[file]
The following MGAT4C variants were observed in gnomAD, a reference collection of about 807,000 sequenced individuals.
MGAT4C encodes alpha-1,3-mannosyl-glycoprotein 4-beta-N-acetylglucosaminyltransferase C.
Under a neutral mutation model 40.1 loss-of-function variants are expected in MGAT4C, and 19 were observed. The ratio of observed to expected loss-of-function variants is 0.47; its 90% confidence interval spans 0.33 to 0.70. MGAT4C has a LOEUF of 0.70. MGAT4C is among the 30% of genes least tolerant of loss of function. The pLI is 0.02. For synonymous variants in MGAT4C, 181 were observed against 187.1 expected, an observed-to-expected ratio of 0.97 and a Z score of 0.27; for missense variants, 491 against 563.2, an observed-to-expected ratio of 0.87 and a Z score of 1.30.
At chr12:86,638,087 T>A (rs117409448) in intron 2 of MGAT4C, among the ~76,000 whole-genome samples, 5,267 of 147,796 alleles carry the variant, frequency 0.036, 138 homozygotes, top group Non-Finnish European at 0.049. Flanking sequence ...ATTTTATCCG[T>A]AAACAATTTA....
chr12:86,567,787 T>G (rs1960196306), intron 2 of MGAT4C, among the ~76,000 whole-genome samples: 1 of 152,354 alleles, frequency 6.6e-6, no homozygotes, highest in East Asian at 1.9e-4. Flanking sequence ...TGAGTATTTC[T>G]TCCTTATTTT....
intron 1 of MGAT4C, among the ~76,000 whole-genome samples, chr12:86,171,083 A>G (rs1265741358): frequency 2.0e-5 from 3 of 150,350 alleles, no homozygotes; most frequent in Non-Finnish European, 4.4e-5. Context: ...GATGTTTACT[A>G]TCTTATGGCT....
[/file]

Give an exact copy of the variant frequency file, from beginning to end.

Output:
The following MGAT4C variants were observed in gnomAD, a reference collection of about 807,000 sequenced individuals.
MGAT4C encodes alpha-1,3-mannosyl-glycoprotein 4-beta-N-acetylglucosaminyltransferase C.
Under a neutral mutation model 40.1 loss-of-function variants are expected in MGAT4C, and 19 were observed. The ratio of observed to expected loss-of-function variants is 0.47; its 90% confidence interval spans 0.33 to 0.70. MGAT4C has a LOEUF of 0.70. MGAT4C is among the 30% of genes least tolerant of loss of function. The pLI is 0.02. For synonymous variants in MGAT4C, 181 were observed against 187.1 expected, an observed-to-expected ratio of 0.97 and a Z score of 0.27; for missense variants, 491 against 563.2, an observed-to-expected ratio of 0.87 and a Z score of 1.30.
At chr12:86,638,087 T>A (rs117409448) in intron 2 of MGAT4C, among the ~76,000 whole-genome samples, 5,267 of 147,796 alleles carry the variant, frequency 0.036, 138 homozygotes, top group Non-Finnish European at 0.049. Flanking sequence ...ATTTTATCCG[T>A]AAACAATTTA....
chr12:86,567,787 T>G (rs1960196306), intron 2 of MGAT4C, among the ~76,000 whole-genome samples: 1 of 152,354 alleles, frequency 6.6e-6, no homozygotes, highest in East Asian at 1.9e-4. Flanking sequence ...TGAGTATTTC[T>G]TCCTTATTTT....
intron 1 of MGAT4C, among the ~76,000 whole-genome samples, chr12:86,171,083 A>G (rs1265741358): frequency 2.0e-5 from 3 of 150,350 alleles, no homozygotes; most frequent in Non-Finnish European, 4.4e-5. Context: ...GATGTTTACT[A>G]TCTTATGGCT....